Strategies for staying relevant and marketable in your later career.

Are you over 50 and in the job market? Do you feel past your expiration date each time you interview with someone half your age? As people live longer, healthier lives, their desire to stay productive and continue to contribute has resulted in a sizable population of baby boomers in the workforce coexisting with an equally large group of millennials.

What job seekers assume is age discrimination is often a lack of relatability. In fact, studies have shown that people hire people they feel they have something in common with so it’s no wonder that ageism is a real factor in the job market when candidates and hiring managers may be decades apart not only in age but their cultural experiences.

Some over 50 job candidates perseverate on the legal angle of age discrimination. Whether ageism as a hiring practice is illegal or not, is beside the point. Most interviewers are savvy enough not to ask blatantly discriminatory questions. Realistically though, launching a lawsuit against a potential employer or getting angry and indignant is unlikely to result in landing the job you desire. So, what’s a boomer job seeker to do?

Here are several strategies to consider when marketing yourself if you’ve been in the workforce 25 years or more.

Know Your Value-In his recent article in Harvard Business Review; Chip Conley talks about his experience joining Airbnb at the age of 52, more than two decades older than the CEO and senior staff. He makes the point that experienced workers have years of knowledge dealing with a variety of business scenarios from scaling revenue to retaining customers to funding challenges to building teams. This knowledge base can be a tremendous asset to organizations with a less experienced management team. Before applying for any role, research the challenges your target employer might be facing and clarify your value proposition so that you can confidently articulate it. For example, if you are interviewing with a start-up tech company that is looking for funding, you might share a story of how you helped a previous employer with their pitch deck.

Stay Relevant-The pace of change in certain industries is very rapid, particularly in high-tech and biotech. Make sure your skills are up-to-date. If you programmed in C++ ten years ago, are you up-to-speed on Python, Java or Ruby? If you’re a marketing guru who helped consumer product companies grow their brands, have you kept pace with marketing analytics or social media?

Be Social-Did you know that 96% of employers use social media as a primary recruiting tool? Many late career professionals are uncomfortable with technology because they didn’t grow up with it. Gen Y’ers, on the other hand, have totally integrated technology in their lives. One of the best ways for a boomer to relate to a millennial is through the use and appreciation of information sharing technology. You don’t have to spend months learning Instagram, Twitter, Facebook, etc. but for job-seekers, using LinkedIn is a must! Recruiters and hiring managers will check out your LinkedIn profile as a matter of course. If you don’t have a profile, you are inadvertently branding yourself as a dinosaur.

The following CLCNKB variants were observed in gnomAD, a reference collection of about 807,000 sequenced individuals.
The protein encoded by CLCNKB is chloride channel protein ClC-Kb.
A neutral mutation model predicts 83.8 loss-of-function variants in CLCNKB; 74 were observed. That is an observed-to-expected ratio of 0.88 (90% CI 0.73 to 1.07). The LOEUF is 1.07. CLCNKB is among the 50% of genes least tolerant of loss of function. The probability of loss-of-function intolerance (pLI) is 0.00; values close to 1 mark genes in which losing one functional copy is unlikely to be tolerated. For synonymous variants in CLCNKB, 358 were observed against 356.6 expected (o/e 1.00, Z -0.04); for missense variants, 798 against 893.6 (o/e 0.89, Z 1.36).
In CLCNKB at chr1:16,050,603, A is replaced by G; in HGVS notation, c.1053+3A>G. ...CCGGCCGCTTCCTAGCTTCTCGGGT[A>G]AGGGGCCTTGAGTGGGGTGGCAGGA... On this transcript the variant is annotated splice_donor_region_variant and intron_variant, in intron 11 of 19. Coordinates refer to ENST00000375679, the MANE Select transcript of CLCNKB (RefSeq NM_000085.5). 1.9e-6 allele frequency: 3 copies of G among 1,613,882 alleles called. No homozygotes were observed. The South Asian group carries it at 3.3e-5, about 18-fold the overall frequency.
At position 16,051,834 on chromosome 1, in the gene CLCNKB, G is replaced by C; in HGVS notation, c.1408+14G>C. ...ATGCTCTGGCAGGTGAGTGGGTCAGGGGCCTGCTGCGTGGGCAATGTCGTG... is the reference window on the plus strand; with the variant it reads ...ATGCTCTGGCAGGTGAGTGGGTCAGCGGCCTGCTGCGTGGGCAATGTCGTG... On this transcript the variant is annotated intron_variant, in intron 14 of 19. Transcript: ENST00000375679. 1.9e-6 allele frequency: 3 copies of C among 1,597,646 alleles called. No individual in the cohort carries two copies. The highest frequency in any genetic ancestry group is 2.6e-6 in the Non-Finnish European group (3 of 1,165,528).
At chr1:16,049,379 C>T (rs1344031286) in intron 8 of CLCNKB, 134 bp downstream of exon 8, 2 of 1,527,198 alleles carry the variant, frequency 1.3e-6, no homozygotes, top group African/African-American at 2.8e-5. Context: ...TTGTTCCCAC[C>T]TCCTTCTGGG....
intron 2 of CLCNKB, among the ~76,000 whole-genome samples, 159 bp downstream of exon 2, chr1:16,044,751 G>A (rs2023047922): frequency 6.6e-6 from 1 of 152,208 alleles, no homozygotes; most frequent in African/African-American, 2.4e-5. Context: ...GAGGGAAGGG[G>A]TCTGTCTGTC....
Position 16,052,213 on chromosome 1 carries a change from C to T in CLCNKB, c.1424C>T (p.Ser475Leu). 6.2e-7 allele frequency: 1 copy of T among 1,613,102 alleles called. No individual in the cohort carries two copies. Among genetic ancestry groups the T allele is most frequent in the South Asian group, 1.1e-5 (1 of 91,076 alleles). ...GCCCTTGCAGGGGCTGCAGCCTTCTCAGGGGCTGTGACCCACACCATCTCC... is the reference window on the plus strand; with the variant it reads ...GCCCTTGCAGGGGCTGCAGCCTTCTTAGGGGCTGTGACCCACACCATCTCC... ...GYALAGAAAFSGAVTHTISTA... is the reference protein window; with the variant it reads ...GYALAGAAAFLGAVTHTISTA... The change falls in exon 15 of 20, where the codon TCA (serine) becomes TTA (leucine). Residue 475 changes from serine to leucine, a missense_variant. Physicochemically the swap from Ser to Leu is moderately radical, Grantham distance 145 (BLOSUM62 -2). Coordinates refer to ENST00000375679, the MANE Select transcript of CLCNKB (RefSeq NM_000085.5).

Update Your Appearance-Since relatability is a major factor in hiring, dressing in a more contemporary manner can help. This doesn’t mean that you should dress like a 25-year old, but you do need to pay attention to your appearance. For example, if Bill Clinton was President the last time you bought new eye glasses, it’s time for a new pair. Women, if you love your suit with shoulder pads from 1989, keep them in your closet. If you’re not sure what to wear for an interview, ask the recruiter, your millennial child, niece or nephew.

Project Warmth-Like it or not, studies show that interviewers form opinions about job candidates within seconds of meeting them. This is why first impressions are so important. Your goal is to project openness, interest, and enthusiasm. Younger interviewers may incorrectly assume that mature workers lack energy. It’s important to give the impression that you’re ready to hit the ground running and not winding down.

Leverage Your Network– More than 70% of job seekers land their new job through a networking contact. When you apply online, the average age of the recruiter (assuming your resume makes it to a person) is somewhere between 28 and 32. The goal of the recruiter is to eliminate the number of applicants to a manageable few, and they may pass you over if they think you’re overqualified or too expensive. Organizations much prefer to hire individuals who have been referred to them, and if your internal contact can vouch for your capabilities, you can circumvent the black hole of online recruiting systems and get to the hiring manager.

Age discrimination is real, and there is no way to sugar coat it. If you are realistic in your expectations, willing to be flexible and go about the process with an open mind and curiosity, you are likely to be working well into your 60s.

Do you have any tips that have worked for you? Please share them!

For more advice on how to stay relevant when you’re over 50, download my free ebook, 25 Tips for Making a Successful Career Transition here.

Career Management Coach/ Personal Branding Strategist/ Career Transition Consultant/ Blogger

Originally published at on April 25, 2017.

Originally published at